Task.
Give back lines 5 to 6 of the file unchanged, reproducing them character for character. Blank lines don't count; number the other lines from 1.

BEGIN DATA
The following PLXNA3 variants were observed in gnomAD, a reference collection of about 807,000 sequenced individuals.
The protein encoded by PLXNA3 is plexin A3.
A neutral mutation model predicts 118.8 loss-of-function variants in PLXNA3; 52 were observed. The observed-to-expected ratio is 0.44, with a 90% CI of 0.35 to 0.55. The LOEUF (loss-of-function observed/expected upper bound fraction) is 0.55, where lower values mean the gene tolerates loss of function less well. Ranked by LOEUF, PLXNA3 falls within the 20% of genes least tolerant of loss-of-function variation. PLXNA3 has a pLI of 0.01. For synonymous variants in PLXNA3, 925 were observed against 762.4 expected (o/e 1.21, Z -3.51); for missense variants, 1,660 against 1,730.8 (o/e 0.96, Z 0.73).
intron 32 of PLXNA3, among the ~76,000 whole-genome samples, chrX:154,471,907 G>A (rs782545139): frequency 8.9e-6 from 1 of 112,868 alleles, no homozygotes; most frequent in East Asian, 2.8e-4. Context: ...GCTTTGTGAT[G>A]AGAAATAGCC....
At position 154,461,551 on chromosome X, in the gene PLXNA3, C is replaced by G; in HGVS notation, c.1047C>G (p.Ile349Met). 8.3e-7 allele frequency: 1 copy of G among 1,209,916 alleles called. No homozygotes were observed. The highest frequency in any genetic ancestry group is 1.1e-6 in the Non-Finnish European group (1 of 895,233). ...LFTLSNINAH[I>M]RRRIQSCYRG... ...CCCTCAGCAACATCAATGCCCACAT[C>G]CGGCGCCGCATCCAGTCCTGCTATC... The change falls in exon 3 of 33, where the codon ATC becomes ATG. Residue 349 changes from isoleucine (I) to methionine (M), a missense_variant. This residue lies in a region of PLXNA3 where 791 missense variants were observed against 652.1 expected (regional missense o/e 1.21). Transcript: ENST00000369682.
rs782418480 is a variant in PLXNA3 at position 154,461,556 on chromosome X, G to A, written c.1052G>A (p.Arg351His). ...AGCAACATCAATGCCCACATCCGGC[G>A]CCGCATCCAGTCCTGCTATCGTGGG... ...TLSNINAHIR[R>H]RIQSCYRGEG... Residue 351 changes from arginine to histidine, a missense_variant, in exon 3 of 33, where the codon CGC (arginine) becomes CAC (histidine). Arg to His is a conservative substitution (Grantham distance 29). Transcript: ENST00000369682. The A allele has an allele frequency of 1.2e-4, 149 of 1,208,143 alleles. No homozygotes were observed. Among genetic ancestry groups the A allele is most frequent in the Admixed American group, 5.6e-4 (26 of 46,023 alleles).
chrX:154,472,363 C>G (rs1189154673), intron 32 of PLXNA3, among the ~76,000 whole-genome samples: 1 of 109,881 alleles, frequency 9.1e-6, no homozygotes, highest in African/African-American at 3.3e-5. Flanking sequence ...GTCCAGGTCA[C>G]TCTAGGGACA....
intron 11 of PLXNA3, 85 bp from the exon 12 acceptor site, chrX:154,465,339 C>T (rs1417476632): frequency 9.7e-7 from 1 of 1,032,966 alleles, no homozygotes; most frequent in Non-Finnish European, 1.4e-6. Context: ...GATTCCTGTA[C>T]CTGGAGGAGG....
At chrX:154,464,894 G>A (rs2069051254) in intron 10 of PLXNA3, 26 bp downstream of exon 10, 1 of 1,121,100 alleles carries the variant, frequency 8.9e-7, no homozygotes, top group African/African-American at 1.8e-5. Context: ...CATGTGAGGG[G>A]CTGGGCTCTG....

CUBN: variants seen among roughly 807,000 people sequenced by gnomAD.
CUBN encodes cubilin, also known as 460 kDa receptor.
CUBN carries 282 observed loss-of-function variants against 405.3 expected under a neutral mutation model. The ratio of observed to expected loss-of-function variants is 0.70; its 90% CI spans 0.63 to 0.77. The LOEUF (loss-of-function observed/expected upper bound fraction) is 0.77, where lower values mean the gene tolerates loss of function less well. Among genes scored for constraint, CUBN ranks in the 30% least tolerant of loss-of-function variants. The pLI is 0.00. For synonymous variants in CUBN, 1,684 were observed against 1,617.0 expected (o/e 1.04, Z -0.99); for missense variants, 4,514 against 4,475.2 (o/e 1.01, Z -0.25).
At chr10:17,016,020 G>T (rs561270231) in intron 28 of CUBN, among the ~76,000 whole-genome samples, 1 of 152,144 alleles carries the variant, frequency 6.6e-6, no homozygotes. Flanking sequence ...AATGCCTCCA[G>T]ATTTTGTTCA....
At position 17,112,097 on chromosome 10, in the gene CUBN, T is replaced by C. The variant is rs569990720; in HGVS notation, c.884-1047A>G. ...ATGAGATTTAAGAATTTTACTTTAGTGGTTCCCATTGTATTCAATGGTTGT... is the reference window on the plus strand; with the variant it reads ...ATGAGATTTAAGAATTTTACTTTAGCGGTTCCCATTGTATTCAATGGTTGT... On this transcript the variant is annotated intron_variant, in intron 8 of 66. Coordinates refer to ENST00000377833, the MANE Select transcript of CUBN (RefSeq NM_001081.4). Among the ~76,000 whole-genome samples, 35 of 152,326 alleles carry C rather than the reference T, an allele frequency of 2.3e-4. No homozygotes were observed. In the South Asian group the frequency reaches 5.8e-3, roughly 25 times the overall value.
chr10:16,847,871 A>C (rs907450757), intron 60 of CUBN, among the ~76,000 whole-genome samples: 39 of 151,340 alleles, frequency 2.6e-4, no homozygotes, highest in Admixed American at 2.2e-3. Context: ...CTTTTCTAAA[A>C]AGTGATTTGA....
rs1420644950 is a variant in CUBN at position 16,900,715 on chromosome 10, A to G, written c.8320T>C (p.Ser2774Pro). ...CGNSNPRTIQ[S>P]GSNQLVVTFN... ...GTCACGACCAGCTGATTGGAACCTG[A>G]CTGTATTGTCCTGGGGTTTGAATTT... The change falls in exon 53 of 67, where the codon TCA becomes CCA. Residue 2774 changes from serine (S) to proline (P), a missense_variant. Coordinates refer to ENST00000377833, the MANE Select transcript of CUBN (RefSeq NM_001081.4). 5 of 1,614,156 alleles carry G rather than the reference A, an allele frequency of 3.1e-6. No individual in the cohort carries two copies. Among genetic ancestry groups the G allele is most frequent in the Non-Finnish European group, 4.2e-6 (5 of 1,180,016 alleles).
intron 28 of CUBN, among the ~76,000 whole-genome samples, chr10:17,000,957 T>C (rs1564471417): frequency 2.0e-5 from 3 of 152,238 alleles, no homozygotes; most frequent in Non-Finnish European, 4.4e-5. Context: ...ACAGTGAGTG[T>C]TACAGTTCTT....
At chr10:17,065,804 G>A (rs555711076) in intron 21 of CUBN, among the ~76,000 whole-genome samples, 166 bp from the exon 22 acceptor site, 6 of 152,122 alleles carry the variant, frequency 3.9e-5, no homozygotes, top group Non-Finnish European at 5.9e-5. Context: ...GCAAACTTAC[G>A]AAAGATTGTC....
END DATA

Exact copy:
At position 154,461,551 on chromosome X, in the gene PLXNA3, C is replaced by G; in HGVS notation, c.1047C>G (p.Ile349Met). 8.3e-7 allele frequency: 1 copy of G among 1,209,916 alleles called. No homozygotes were observed. The highest frequency in any genetic ancestry group is 1.1e-6 in the Non-Finnish European group (1 of 895,233). ...LFTLSNINAH[I>M]RRRIQSCYRG... ...CCCTCAGCAACATCAATGCCCACAT[C>G]CGGCGCCGCATCCAGTCCTGCTATC... The change falls in exon 3 of 33, where the codon ATC becomes ATG. Residue 349 changes from isoleucine (I) to methionine (M), a missense_variant. This residue lies in a region of PLXNA3 where 791 missense variants were observed against 652.1 expected (regional missense o/e 1.21). Transcript: ENST00000369682.
rs782418480 is a variant in PLXNA3 at position 154,461,556 on chromosome X, G to A, written c.1052G>A (p.Arg351His). ...AGCAACATCAATGCCCACATCCGGC[G>A]CCGCATCCAGTCCTGCTATCGTGGG... ...TLSNINAHIR[R>H]RIQSCYRGEG... Residue 351 changes from arginine to histidine, a missense_variant, in exon 3 of 33, where the codon CGC (arginine) becomes CAC (histidine). Arg to His is a conservative substitution (Grantham distance 29). Transcript: ENST00000369682. The A allele has an allele frequency of 1.2e-4, 149 of 1,208,143 alleles. No homozygotes were observed. Among genetic ancestry groups the A allele is most frequent in the Admixed American group, 5.6e-4 (26 of 46,023 alleles).